KidsOLR has not been sized to be viewed on phones or other smaller devices. KidsOLR is intended to be viewed on computers.

This is how to use KidsOLR and how to reach me BJWebb.

My email address is this graphic you will need to type it into your email.

KidsOLR is a 'human-reviewed' Directory of Educational Resources for everyone.

Because of KidsOLR size heavy use of graphics would slow the site down to a crawl so I keep graphics to a minimum and textual keywords to a maximum. I always use what each site, I list, says about themselves. Every site is chosen by BJWebb and every site is tested by BJWebb before it is listed. Sometimes site content changes if you see something is wrong with a site I have listed email me and I will change it.

LinkAlarm has been my only employee in the last 12 years. They send me a report, every two weeks, on KidsOLR's links which need attention to keep the links un-broken.

Navigation for KidsOLR's 132 pages is via the Headers and Footers on every page plus in some areas for example in the math section the topics under Math are Algebra - Fractions, Decimals, Percents - Calculus, Geometry, Integrals, Statistics, Trigonometry.

In Kids of the World, you will find the sub-navigation, you see below, or you can click through all of the pages using the hands.

Afghanistan-Austria ~ Belgium-Canada ~ Catalan-France ~ Germany-Ireland

Israel-Mexico ~ Netherlands-Russia ~ Saudi Arabia-Thailand ~ Turkey-Venezuela

In the History section,
you will find American/Government/Women - Explorers - World/Ancient/Castles - Human Origins/Ancient - Money - War titles to assist you.

Science has become so large that the index page has all of the Science pages listed on it as an extra section site map and in time
all of the
Science will be moving to KidSciencLink.com my science site.

Subjects with more than one page have helping hands. The helping hands can help you click back or to the next every page
in a subject. This navigation was chosen for my non-computer using husband it was the easiest for him to use.

I select THOUSANDS of links to educational resources and I have more in the cue eager to go on KidsOLR and KidSciencLink.com

There are Google ads, like the one below, on nearly every page they are intended for parents and educators please be kind in your clicking.

What they say about our Fraction Tutorial from:

National Science Digital Library - Math Common Core.

Fraction Tutorial

This site provides an introduction to fractions, including the concept of equivalency, and shows how to reduce, decompose, multiply, divide, add, and subtract them. Illustrations cover all these concepts, beginning with the idea of fractions as parts of a whole, continuing through equivalency, addition and subtraction with like denominators, and finishing with multiplication of mixed numbers.

Practice exercises are offered at all levels.

Audiences: Learner

Grade Levels: Elementary School, Informal Education

Resource Types: Instructional Material, Interactive Simulation, Problem Set

Educational Standards: __Hide Standards__

**Common Core State Standards for Mathematics**
- Math > grades 3
- 3.NF.1: 1. Understand a fraction 1/b as the quantity formed by 1 part when a whole is partitioned into b equal parts; understand a fraction a/b as the quantity formed by a parts of size 1/b.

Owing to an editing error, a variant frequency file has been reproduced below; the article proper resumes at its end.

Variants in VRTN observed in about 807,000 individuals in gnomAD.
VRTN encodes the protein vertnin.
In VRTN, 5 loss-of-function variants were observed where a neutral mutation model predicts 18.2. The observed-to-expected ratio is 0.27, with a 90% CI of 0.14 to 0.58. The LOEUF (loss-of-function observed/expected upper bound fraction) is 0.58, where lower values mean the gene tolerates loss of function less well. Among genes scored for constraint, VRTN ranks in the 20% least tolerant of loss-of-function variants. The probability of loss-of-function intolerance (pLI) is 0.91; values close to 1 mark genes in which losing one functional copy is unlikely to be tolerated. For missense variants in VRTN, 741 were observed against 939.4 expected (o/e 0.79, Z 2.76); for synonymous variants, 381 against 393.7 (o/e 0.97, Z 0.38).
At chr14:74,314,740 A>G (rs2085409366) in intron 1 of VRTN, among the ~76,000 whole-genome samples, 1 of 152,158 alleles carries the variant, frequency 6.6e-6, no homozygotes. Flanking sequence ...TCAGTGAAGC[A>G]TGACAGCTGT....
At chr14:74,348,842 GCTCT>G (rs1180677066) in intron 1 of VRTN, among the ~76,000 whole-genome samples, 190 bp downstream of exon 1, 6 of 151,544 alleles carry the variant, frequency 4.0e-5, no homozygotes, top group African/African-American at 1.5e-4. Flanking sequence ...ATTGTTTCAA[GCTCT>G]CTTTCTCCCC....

- 3.NF.3.a: a. Understand two fractions as equivalent (equal) if they are the same size, or the same point on a number line.
- 3.NF.3.b: b. Recognize and generate simple equivalent fractions, e.g., 1/2 = 2/4, 4/6 = 2/3). Explain why the fractions are equivalent, e.g., by using a visual fraction model.
- 3.NF.3.c: c. Express whole numbers as fractions, and recognize fractions that are equivalent to whole numbers.

Comments: Example: locate 4/4 and 1 at the same point of a number line diagram.. Example: express 3 in the form 3 = 3/1; recognize that 6/1 = 6.
- 3.NF.3.d: d. Compare two fractions with the same numerator or the same denominator by reasoning about their size. Recognize that comparisons are valid only when the two fractions refer to the same whole. Record the results of comparisons with the symbols >, =, or <, and justify the conclusions, e.g., by using a visual fraction model.

- Math > grades 4
- 4.NF.1: 1. Explain why a fraction a/b is equivalent to a fraction (n × a)/(n × b) by using visual fraction models, with attention to how the number and size of the parts differ even though the two fractions themselves are the same size. Use this principle to recognize and generate equivalent fractions.
- 4.NF.3.a: a. Understand addition and subtraction of fractions as joining and separating parts referring to the same whole.
- 4.NF.3.b: b. Decompose a fraction into a sum of fractions with the same denominator in more than one way, recording each decomposition by an equation. Justify decompositions, e.g., by using a visual fraction model.

Comments: Examples: 3/8 = 1/8 + 1/8 + 1/8 ; 3/8 = 1/8 + 2/8 ; 2 1/8 = 1 + 1 + 1/8 = 8/8 + 8/8 + 1/8.
- 4.NF.3.c: c. Add and subtract mixed numbers with like denominators, e.g., by replacing each mixed number with an equivalent fraction, and/or by using properties of operations and the relationship between addition and subtraction.
- 4.NF.4.a: a. Understand a fraction a/b as a multiple of 1/b.

Comments: For example, use a visual fraction model to represent 5/4 as the product 5 × (1/4), recording the conclusion by the equation 5/4 = 5 × (1/4).

- Math > grades 5
- 5.NF.1: 1. Add and subtract fractions with unlike denominators (including mixed numbers) by replacing given fractions with equivalent fractions in such a way as to produce an equivalent sum or difference of fractions with like denominators.

Comments: For example, 2/3 + 5/4 = 8/12 + 15/12 = 23/12. (In general, a/b + c/d = (ad + bc)/bd.)